Unmixing of fluorescence spectra to resolve quantitative time-series measurements of gene expression in plate readers
1 SynthSys, University of Edinburgh, Mayfield Road, Edinburgh, UK
2 Department of Physiology, McGill University, Promenade Sir William Osler, Montreal, Canada
3 Biological Sciences, University of Edinburgh, Mayfield Road, Edinburgh, UK
BMC Biotechnology 2014, 14:11 doi:10.1186/1472-6750-14-11Published: 3 February 2014
To connect gene expression with cellular physiology, we need to follow levels of proteins over time. Experiments typically use variants of Green Fluorescent Protein (GFP), and time-series measurements require specialist expertise if single cells are to be followed. Fluorescence plate readers, however, a standard in many laboratories, can in principle provide similar data, albeit at a mean, population level. Nevertheless, extracting the average fluorescence per cell is challenging because autofluorescence can be substantial.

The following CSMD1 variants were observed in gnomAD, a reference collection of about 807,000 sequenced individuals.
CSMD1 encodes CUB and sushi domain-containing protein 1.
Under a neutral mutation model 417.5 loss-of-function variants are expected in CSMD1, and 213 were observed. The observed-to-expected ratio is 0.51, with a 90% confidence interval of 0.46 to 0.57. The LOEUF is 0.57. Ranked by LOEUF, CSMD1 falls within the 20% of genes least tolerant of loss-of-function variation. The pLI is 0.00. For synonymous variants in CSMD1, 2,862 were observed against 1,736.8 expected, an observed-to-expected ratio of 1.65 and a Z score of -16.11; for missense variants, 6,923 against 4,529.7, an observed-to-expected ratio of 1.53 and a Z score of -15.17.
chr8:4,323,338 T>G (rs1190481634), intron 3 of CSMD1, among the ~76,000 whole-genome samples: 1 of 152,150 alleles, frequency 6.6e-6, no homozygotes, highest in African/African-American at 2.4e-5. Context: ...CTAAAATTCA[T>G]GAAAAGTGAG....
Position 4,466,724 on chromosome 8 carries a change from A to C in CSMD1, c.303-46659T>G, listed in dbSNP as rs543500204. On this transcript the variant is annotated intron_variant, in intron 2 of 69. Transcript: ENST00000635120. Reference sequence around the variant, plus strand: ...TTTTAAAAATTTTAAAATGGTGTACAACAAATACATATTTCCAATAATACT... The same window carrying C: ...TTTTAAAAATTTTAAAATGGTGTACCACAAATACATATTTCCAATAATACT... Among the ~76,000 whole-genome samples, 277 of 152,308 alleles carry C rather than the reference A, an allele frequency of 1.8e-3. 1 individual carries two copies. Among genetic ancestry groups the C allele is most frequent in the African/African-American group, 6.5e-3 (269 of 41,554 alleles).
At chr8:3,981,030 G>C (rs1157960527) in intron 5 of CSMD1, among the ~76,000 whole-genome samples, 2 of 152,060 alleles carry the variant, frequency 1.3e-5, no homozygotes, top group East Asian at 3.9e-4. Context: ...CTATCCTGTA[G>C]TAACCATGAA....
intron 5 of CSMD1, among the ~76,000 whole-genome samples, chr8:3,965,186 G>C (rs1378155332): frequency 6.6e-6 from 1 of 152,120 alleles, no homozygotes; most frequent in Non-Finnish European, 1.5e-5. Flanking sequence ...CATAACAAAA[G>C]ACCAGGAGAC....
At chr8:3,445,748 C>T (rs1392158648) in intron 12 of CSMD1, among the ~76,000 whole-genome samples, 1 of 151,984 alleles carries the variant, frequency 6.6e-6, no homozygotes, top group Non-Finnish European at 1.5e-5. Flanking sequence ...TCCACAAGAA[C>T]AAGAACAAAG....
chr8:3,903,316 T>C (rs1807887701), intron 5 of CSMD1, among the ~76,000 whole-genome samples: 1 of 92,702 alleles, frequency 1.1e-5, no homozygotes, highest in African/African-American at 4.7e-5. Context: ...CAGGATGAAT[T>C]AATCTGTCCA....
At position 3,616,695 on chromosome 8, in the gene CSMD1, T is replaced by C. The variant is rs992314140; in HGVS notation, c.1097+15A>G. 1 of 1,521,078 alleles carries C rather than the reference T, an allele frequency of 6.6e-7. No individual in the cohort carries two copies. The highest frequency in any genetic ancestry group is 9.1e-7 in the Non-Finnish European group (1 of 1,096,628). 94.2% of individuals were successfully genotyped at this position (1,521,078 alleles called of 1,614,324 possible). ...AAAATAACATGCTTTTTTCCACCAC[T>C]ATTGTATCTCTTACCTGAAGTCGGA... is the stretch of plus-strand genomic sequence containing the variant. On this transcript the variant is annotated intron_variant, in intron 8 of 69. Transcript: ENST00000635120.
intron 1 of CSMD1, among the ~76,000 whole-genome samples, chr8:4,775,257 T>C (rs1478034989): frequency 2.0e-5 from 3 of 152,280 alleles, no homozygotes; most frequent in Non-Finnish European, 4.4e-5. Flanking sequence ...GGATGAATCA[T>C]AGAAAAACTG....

Here we propose a general method for correcting plate reader measurements of fluorescent proteins that uses spectral unmixing and determines both the fluorescence per cell and the errors on that fluorescence. Combined with strain collections, such as the GFP fusion collection for budding yeast, our methodology allows quantitative measurements of protein levels of up to hundreds of genes and therefore provides complementary data to high throughput studies of transcription. We illustrate the method by following the induction of the GAL genes in Saccharomyces cerevisiae for over 20 hours in different sugars and argue that the order of appearance of the Leloir enzymes may be to reduce build-up of the toxic intermediate galactose-1-phosphate. Further, we quantify protein levels of over 40 genes, again over 20 hours, after cells experience a change in carbon source (from glycerol to glucose).
Our methodology is sensitive, scalable, and should be applicable to other organisms. By allowing quantitative measurements on a per cell basis over tens of hours and over hundreds of genes, it should increase our understanding of the dynamic changes that drive cellular behaviour.